Sorry-not-sorry. It’s such a cliché – we make fun of it. No one likes to mess up, and we strive to avoid it. But social media has an immediacy that is part of its power – consider all the angles, ponder the wisdom of a post, and you might miss the boat.
You’ll have a perfectly crafted message that trails in the wake of equally apposite, but faster-moving, rivals.
That matters – these days, anyone with a Twitter account is a ‘channel’.
The chump’s chimp tweet
And so to broadcaster Danny Baker and ‘that’ royal baby chimp tweet – the one that cost him his job. There’s probably a PR PhD in this episode, but here are a few thoughts on what has happened so far.
To recap: Danny-B, like the rest of us, witnessed the Duke and Duchess of Sussex’s first appearance with their baby.
The couple have had some ‘bad press’ and inaccurate press. I’d say supposed tension between ‘Meghan and Kate’ has b*****r all basis beyond a wished feud to sell papers/encourage online clicks.
And the Daily Mail’s 20-plus pages of coverage on the Sussex’s royal birth focused on the entirely false fact that they had broken with convention by having a home birth in a ‘cottage’. Instead, a private London hospital was the venue.
Harry’s (for we feel we can call him that) first appearance after his son was born – informal, disarming – and the baby’s first outing were perfectly managed from a PR perspective. They’re an eloquent couple with a new-born baby.
How to get more than, say, CNN out of that? Danny likely thought he’d choose humour. New-borns are small, so we got to see very little of a swaddled one – might have been anything Danny thought. Could have been a CHIMP.
There’s so much wrong with this, and his subsequent response. It was bad, he made it worse, and then he made it even worse. Here’s a list of mistakes, and how they affected each other:
Sense-check your own experience
He’s trying to respond quickly, so he goes with what he thinks. Should he have known better? Erm, yes. In PR, always sense-check your own experience. Football’s had a bad press on racism recently, due to fans who make monkey-sounds at black players.
Baker is not football-naïve – part of his broadcasting career is built on football commentary. Did he not know a chimpanzee is a monkey? With links between themes being central to ‘comedy’, a comedian like Danny should be able to spot the problem by thinking for, say, a second. He emerges from stage one of this badly. But then it gets worse.
Crisis, what crisis?
It doesn’t always get played out well, but well-prepared corporations have checklists to recognise that they have a crisis. It should trigger a ‘crisis plan’, and a change in the way you behave. Danny missed the warning signs.
Instead the response, which segued into his firing by the BBC, saw Danny super-charge what we’ll generously call his prat-side. It is as if he was being paid to keep Brexit off people’s newsfeeds.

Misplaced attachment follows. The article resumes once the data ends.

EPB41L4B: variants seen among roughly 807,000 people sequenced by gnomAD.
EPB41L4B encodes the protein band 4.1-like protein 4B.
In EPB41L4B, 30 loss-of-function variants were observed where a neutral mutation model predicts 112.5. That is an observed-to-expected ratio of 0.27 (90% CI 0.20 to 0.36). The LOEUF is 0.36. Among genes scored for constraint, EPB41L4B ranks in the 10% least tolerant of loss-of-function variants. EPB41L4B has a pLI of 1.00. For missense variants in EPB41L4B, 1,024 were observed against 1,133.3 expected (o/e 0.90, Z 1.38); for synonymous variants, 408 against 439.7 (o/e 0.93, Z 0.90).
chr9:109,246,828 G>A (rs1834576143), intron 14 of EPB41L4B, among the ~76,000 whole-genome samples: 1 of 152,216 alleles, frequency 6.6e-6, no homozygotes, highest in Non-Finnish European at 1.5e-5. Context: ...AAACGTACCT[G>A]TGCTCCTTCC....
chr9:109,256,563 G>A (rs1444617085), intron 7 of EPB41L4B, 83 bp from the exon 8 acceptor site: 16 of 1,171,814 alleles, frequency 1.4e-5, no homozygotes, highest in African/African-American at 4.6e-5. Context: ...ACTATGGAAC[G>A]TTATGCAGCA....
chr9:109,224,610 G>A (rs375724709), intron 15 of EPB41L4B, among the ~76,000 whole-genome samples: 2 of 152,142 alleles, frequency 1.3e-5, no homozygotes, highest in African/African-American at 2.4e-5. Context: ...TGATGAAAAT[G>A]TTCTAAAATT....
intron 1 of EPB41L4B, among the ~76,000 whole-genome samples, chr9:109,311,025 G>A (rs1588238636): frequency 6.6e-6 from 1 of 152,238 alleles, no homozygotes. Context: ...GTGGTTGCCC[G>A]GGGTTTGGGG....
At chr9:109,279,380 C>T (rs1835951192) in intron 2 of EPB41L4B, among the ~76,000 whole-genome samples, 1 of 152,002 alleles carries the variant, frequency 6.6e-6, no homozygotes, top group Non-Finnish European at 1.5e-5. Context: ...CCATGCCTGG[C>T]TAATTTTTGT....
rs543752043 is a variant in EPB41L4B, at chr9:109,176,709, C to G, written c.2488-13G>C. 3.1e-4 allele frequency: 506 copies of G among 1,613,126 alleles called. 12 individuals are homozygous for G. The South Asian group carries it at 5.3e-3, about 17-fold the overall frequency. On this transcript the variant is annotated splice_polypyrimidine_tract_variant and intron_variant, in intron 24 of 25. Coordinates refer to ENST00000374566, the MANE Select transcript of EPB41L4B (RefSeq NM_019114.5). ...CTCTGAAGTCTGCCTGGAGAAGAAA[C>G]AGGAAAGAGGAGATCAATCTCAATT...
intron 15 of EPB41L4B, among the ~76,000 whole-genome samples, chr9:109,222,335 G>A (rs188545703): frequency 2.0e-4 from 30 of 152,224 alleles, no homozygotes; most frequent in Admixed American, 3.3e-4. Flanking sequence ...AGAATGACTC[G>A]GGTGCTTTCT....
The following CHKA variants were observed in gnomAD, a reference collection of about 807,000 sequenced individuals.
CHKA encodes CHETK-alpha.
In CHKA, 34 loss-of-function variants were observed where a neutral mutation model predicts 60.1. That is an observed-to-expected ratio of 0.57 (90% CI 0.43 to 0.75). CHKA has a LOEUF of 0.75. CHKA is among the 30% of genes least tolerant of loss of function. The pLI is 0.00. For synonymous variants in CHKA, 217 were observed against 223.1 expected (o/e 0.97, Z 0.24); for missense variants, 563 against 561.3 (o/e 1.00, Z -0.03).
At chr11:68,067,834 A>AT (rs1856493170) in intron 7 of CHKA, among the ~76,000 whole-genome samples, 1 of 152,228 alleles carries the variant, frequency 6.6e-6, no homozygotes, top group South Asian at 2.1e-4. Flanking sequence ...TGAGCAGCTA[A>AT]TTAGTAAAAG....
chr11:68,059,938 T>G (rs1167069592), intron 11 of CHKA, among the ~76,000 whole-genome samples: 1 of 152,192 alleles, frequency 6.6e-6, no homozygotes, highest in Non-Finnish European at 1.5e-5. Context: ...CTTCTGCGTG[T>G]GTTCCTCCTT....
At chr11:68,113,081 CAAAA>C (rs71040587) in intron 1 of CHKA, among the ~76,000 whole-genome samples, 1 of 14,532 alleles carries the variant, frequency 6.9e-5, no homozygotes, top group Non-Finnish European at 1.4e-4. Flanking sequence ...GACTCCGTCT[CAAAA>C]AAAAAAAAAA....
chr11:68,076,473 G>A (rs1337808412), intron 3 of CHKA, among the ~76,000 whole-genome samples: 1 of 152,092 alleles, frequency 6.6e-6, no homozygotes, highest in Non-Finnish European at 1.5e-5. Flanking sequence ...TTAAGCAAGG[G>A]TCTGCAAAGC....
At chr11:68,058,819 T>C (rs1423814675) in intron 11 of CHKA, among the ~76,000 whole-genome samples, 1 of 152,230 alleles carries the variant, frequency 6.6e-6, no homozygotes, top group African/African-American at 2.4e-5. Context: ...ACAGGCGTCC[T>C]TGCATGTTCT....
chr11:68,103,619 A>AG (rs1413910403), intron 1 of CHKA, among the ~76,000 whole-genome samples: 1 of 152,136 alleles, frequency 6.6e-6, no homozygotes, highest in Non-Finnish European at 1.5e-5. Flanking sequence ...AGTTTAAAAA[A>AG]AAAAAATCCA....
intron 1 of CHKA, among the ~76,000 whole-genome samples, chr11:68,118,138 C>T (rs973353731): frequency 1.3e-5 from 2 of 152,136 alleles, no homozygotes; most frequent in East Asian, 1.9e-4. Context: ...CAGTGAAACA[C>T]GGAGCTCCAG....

As the BBC, which faithfully (sometimes tediously, though not here) reports its own problems, related:
After tweeting an apology, in which he called the tweet a “stupid unthinking gag pic”, Baker said the BBC’s decision “was a master class of pompous faux-gravity”.
“[It] took a tone that said I actually meant that ridiculous tweet and the BBC must uphold blah blah blah,” he added. “Literally threw me under the bus. Could hear the suits’ knees knocking.”
After the initial backlash on social media on Wednesday, Baker said: “Sorry my gag pic of the little fella in the posh outfit has whipped some up. Never occurred to me because, well, mind not diseased.
“Soon as those good enough to point out its possible connotations got in touch, down it came. And that’s it.”
In a later tweet, he added: “Would have used same stupid pic for any other Royal birth or Boris Johnson kid or even one of my own. It’s a funny image. (Though not of course in that context.) Enormous mistake, for sure. Grotesque.
“Anyway, here’s to ya Archie, Sorry mate.”
Speaking to reporters outside his home, he said of the tweet: “Ill advised, ill thought-out and stupid, but racist? No, I’m aware how delicate that imagery is.”
Is it getting worse?
‘I knew there was a royal baby. I didn’t know it was Meghan and Harry’s,’ Danny then said on his doorstep, dressed in pyjama bottoms and a baseball cap. It was an expletive-laden appearance.
So yes, it’s getting worse.
Lessons: what those in professional services need to learn from Danny’s mistakes
I have no idea if Danny Baker is a nice, but misunderstood, man who made an innocent mistake, or not, but here are a few lessons from a PR-perspective.
- Just as you don’t need to go to every fight or party you are invited to, there’s no need for anyone, if they are famous, to do the equivalent of a ‘photo-bomb’ on someone else’s special moment. Even if pitch-perfect, Danny, as a famous presenter, was never going to be the story here – unless he messed up.
- Engage the brain – the work of seconds for a professional broadcaster. Does what I’m saying come across as I mean it to? Or does anything I know mean it might get misunderstood?
- Fight this war – a well-loved figure has some moral capital to spend, but only if your currency is still being accepted. By including his signature ‘which sauce?’ reference in an apology/account, he made a mistake.
- Apologise properly – reluctant apologies always get mocked and prolong the story. Danny’s apology was caveated, had gags added, and then spoiled by further interviews. Just spit a proper apology out.
- Do something nice – after the Profumo affair, Jack Profumo did decades of charity work to regain his good standing. Check out his obituaries – given he was known for endangering national security during the height of the Cold War through louche behaviour, he was pretty kindly treated at the end.
The cheapest option, though, is just not to be a d*ck in the first place. If you’d like advice on how to build and keep a good reputation, I hope you’ll get in touch.